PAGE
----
Why Aren't Games Worth Keeping?

Next-Gen editor Colin Campbell takes a firm stance on behalf of publishers against game retailers that sell used games, calling the practice 'parasitic':

Used game sales are, in fact, a separate business to the game industry, one that is parasitical and offers little or no benefits to the business as a whole. If you look at the share-of-effort or the share-of-investment or the share-of-creativity that goes into making a game and bringing it to market, you have to wonder if this is a system that anyone could describe as being fair and just.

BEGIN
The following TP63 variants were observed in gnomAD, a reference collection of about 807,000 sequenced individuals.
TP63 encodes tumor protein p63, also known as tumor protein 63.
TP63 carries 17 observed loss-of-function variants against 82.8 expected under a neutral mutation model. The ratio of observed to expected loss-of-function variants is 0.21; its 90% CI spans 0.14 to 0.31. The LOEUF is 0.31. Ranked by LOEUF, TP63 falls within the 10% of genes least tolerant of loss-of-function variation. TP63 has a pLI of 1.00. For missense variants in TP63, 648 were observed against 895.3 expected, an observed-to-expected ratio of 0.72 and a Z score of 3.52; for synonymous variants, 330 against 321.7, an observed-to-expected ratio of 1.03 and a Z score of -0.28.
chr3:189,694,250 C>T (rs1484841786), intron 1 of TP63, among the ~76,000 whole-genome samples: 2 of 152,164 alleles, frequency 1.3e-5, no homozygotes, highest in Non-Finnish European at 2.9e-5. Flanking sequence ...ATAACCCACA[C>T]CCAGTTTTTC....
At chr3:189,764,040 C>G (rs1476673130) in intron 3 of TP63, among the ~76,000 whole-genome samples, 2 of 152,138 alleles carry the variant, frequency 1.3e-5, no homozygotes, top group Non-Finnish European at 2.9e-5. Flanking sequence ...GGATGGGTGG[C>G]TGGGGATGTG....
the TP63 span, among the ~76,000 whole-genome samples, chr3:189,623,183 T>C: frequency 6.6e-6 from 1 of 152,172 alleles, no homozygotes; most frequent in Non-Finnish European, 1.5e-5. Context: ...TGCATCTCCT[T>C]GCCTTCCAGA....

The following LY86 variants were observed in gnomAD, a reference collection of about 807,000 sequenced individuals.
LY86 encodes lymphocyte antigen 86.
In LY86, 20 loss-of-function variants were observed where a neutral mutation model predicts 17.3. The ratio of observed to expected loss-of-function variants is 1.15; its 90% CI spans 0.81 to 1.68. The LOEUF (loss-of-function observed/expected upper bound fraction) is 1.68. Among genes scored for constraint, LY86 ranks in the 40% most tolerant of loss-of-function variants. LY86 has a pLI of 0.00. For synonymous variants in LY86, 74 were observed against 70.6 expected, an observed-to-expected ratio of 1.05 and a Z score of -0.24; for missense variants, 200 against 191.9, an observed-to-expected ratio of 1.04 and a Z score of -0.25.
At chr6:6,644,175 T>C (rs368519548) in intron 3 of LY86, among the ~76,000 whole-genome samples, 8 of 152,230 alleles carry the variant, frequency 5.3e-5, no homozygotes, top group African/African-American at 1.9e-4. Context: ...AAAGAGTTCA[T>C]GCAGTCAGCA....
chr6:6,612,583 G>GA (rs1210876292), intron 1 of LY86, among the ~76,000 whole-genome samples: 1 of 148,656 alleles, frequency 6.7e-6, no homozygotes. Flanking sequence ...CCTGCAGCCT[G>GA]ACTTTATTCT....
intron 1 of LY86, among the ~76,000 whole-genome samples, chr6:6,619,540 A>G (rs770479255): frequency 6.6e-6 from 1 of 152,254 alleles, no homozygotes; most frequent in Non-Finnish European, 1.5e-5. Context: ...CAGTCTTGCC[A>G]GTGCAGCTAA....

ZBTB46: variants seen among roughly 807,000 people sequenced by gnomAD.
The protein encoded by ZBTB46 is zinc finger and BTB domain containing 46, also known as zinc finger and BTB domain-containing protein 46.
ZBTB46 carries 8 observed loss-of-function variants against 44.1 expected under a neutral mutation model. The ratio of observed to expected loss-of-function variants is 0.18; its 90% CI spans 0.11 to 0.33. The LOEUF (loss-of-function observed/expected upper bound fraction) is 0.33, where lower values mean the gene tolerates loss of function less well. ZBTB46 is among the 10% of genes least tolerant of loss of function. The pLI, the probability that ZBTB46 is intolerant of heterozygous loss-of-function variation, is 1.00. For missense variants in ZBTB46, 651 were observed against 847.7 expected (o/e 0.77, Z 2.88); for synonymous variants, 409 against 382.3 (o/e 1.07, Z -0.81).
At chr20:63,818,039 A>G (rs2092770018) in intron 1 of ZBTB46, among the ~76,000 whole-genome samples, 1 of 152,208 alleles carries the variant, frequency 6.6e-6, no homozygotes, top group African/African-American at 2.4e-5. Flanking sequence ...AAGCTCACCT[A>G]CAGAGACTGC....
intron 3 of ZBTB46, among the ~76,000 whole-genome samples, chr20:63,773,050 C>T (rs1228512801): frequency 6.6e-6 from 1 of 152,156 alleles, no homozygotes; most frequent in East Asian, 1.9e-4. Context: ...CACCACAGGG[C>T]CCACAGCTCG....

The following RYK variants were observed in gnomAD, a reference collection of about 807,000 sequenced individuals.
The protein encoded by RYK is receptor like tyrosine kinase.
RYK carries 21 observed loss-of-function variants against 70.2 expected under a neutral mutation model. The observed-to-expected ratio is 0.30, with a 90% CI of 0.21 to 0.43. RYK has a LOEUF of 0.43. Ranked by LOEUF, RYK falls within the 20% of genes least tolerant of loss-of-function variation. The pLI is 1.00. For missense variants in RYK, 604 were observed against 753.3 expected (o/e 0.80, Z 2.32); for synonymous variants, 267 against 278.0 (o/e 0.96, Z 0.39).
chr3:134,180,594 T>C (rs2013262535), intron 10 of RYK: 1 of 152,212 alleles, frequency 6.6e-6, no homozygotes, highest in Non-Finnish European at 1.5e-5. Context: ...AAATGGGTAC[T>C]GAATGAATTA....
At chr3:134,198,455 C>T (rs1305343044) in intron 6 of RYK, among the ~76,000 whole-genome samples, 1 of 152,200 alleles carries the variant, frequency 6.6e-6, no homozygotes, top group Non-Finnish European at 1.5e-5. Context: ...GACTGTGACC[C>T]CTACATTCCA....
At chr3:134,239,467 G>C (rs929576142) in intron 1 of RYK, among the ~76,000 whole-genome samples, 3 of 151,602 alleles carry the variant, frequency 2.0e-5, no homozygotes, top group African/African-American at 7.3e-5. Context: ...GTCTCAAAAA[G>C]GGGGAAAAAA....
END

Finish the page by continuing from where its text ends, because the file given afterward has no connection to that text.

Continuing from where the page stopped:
Predictably a lot of gamers find this position offensive. I do, and I don't even buy used games. I think if you buy a console game in a box and you want to sell it at some point, you should be free to do so. If a retailer wishes to assume the risk associated with used stock, and their clients are willing to buy it, more power to them. Calling the practice parasitic is simply missing the point. It's the kind of mentality that leads executives to take "sales we didn't make" and call it "lost revenue". It is disingenuous.However I think the real problem here is one that Campbell's editorial doesn't even bother to tackle: which is that the fault for this practice falls squarely with the developers and publishers and with no one else.  Click here for the complete text.